The Ontario Court of Appeal has more than tripled the fine a Toronto-based construction company must pay after four workers fell to their deaths from scaffolding on Christmas Eve in 2009.
Metron Construction was originally fined $200,000 in provincial court earlier this year, but in a decision released on Sept. 4, a panel of three judges ruled unanimously to increase the fine to $750,000.
In July, Metron Construction became the first company in Ontario to be convicted of criminal negligence causing death under the Criminal Code.
The accident occurred on Dec. 24, 2009, when a swing stage scaffold 13 storeys above ground at an apartment complex in Toronto broke, causing the four workers to fall to their death and one other to be critically injured.
The accident was the worst construction accident in more than 50 years in Toronto and led to amendments to the Occupational Health and Safety Act to increase protection for workers and reduce the chance of future accidents.
Court of Appeal’s decision
The lower court judge erred by looking at comparable fines under the Occupational Health and Safety Act, when attention should have been paid to more serious penalties under the Criminal Code, the Court of Appeal said in its recent decision.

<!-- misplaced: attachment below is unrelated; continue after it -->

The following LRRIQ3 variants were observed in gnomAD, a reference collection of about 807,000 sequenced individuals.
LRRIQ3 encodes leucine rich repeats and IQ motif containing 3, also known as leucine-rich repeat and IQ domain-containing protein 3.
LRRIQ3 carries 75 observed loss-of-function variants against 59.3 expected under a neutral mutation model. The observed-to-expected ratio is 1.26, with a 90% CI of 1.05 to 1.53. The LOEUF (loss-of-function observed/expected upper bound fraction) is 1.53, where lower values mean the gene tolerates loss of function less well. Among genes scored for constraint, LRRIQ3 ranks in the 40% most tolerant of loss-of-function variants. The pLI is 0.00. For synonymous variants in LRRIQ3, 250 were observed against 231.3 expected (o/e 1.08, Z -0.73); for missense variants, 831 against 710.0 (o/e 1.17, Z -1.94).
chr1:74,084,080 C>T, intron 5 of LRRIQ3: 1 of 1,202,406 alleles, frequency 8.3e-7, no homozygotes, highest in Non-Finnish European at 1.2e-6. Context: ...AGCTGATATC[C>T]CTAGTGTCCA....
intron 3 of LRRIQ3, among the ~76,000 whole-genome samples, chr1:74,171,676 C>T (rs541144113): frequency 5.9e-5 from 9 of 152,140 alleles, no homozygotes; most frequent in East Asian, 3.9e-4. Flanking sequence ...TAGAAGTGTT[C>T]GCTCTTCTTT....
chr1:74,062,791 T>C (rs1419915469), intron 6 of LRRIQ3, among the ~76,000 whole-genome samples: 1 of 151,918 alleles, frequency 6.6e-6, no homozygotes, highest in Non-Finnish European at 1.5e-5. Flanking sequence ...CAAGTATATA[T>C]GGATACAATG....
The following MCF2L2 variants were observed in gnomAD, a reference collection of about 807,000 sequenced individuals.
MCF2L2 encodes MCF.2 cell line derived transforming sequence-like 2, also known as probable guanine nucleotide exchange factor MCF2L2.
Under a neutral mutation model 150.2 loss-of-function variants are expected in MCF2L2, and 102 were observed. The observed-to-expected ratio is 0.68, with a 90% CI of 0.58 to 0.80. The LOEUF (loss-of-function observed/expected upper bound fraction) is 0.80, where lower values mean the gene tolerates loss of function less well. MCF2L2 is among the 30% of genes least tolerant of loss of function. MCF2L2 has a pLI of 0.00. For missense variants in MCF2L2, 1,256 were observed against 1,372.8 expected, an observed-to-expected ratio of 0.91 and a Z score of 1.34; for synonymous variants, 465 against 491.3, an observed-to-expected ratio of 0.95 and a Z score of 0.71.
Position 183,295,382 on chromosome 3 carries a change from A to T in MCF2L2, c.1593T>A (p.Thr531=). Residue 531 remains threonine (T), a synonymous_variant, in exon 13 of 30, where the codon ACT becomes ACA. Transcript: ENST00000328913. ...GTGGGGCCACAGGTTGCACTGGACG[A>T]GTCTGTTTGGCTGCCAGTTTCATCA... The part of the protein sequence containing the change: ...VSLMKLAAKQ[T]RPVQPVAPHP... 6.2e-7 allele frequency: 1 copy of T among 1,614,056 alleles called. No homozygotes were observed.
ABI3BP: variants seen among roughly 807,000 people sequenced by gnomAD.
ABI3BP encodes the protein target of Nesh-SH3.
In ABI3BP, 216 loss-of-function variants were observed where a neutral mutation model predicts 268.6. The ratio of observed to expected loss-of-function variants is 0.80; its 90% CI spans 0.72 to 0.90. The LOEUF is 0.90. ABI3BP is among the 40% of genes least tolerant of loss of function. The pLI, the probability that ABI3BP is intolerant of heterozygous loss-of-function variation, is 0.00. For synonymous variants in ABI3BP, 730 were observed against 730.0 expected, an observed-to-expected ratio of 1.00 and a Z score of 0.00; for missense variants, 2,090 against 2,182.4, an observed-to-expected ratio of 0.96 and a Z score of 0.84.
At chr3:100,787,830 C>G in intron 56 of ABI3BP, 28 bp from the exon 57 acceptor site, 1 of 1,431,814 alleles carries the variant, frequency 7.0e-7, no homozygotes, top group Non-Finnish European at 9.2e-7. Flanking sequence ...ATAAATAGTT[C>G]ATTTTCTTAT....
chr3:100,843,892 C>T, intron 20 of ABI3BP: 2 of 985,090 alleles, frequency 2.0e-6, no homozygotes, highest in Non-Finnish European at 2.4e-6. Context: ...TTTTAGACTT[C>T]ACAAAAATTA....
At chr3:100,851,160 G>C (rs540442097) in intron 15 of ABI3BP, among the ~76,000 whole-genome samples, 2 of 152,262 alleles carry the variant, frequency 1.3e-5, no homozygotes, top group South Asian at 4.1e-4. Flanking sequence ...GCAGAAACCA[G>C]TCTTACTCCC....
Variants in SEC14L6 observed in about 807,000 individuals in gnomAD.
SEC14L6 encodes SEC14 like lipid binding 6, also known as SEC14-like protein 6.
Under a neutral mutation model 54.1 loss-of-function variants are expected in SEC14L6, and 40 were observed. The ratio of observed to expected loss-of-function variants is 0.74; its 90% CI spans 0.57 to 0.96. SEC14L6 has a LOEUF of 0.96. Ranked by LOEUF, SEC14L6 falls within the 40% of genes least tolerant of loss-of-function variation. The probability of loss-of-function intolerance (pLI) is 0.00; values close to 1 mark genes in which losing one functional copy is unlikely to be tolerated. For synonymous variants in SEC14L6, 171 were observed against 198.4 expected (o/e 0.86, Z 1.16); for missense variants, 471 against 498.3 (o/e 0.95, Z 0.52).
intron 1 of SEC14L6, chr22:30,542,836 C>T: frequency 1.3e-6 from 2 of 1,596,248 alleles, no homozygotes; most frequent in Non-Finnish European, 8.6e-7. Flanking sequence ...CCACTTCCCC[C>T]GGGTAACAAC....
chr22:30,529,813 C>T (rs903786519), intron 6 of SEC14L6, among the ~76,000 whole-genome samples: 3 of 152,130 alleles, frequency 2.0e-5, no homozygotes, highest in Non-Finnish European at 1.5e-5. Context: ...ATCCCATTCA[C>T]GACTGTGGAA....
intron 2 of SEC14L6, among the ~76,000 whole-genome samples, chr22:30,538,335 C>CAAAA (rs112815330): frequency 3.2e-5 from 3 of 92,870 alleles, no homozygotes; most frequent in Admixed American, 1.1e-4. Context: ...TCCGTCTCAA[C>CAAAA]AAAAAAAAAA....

The original fine was “manifestly unfit” because it didn’t convey a message on the importance of worker safety, the Appeal Court said.
“Indeed, some might treat such a fine as simply a cost of doing business,” according to the decision. “Workers employed by a corporation are entitled to expect higher standards of conduct than that exhibited by the respondent. Denunciation and deterrence should have received greater emphasis. They did not. The sentence was demonstrably unfit.”
The provincial court judge sentenced Metron president Joel Swartz to pay $90,000, as well as a $22,500 victim surcharge fine, for four convictions under the Occupational Health and Safety Act. Prosecutors dropped charges of criminal negligence causing death against Swartz after his guilty plea because they believed there was no reasonable chance of conviction.
Metron project manager Vadim Kazenelson still faces a criminal trial on charges resulting from the deaths